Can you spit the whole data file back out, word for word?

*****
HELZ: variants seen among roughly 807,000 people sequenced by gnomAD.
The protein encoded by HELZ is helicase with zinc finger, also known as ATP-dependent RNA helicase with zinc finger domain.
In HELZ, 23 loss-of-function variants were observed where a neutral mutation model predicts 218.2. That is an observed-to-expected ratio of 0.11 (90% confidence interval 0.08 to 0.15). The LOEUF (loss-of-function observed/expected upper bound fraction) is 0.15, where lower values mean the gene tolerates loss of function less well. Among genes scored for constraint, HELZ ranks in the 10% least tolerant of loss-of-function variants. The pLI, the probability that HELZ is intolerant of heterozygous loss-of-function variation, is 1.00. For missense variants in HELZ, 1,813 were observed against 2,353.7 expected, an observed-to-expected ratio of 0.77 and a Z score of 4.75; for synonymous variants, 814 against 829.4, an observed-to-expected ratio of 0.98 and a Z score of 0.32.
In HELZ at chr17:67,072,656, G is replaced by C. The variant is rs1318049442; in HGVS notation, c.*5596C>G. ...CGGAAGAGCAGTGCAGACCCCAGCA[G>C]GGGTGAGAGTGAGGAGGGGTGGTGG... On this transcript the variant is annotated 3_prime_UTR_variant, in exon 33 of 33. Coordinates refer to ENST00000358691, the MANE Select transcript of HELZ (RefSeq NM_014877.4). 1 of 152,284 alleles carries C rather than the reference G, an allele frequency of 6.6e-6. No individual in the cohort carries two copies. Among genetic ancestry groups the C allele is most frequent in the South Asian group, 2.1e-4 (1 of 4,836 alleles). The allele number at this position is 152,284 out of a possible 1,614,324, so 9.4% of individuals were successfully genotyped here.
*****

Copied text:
HELZ: variants seen among roughly 807,000 people sequenced by gnomAD.
The protein encoded by HELZ is helicase with zinc finger, also known as ATP-dependent RNA helicase with zinc finger domain.
In HELZ, 23 loss-of-function variants were observed where a neutral mutation model predicts 218.2. That is an observed-to-expected ratio of 0.11 (90% confidence interval 0.08 to 0.15). The LOEUF (loss-of-function observed/expected upper bound fraction) is 0.15, where lower values mean the gene tolerates loss of function less well. Among genes scored for constraint, HELZ ranks in the 10% least tolerant of loss-of-function variants. The pLI, the probability that HELZ is intolerant of heterozygous loss-of-function variation, is 1.00. For missense variants in HELZ, 1,813 were observed against 2,353.7 expected, an observed-to-expected ratio of 0.77 and a Z score of 4.75; for synonymous variants, 814 against 829.4, an observed-to-expected ratio of 0.98 and a Z score of 0.32.
In HELZ at chr17:67,072,656, G is replaced by C. The variant is rs1318049442; in HGVS notation, c.*5596C>G. ...CGGAAGAGCAGTGCAGACCCCAGCA[G>C]GGGTGAGAGTGAGGAGGGGTGGTGG... On this transcript the variant is annotated 3_prime_UTR_variant, in exon 33 of 33. Coordinates refer to ENST00000358691, the MANE Select transcript of HELZ (RefSeq NM_014877.4). 1 of 152,284 alleles carries C rather than the reference G, an allele frequency of 6.6e-6. No individual in the cohort carries two copies. Among genetic ancestry groups the C allele is most frequent in the South Asian group, 2.1e-4 (1 of 4,836 alleles). The allele number at this position is 152,284 out of a possible 1,614,324, so 9.4% of individuals were successfully genotyped here.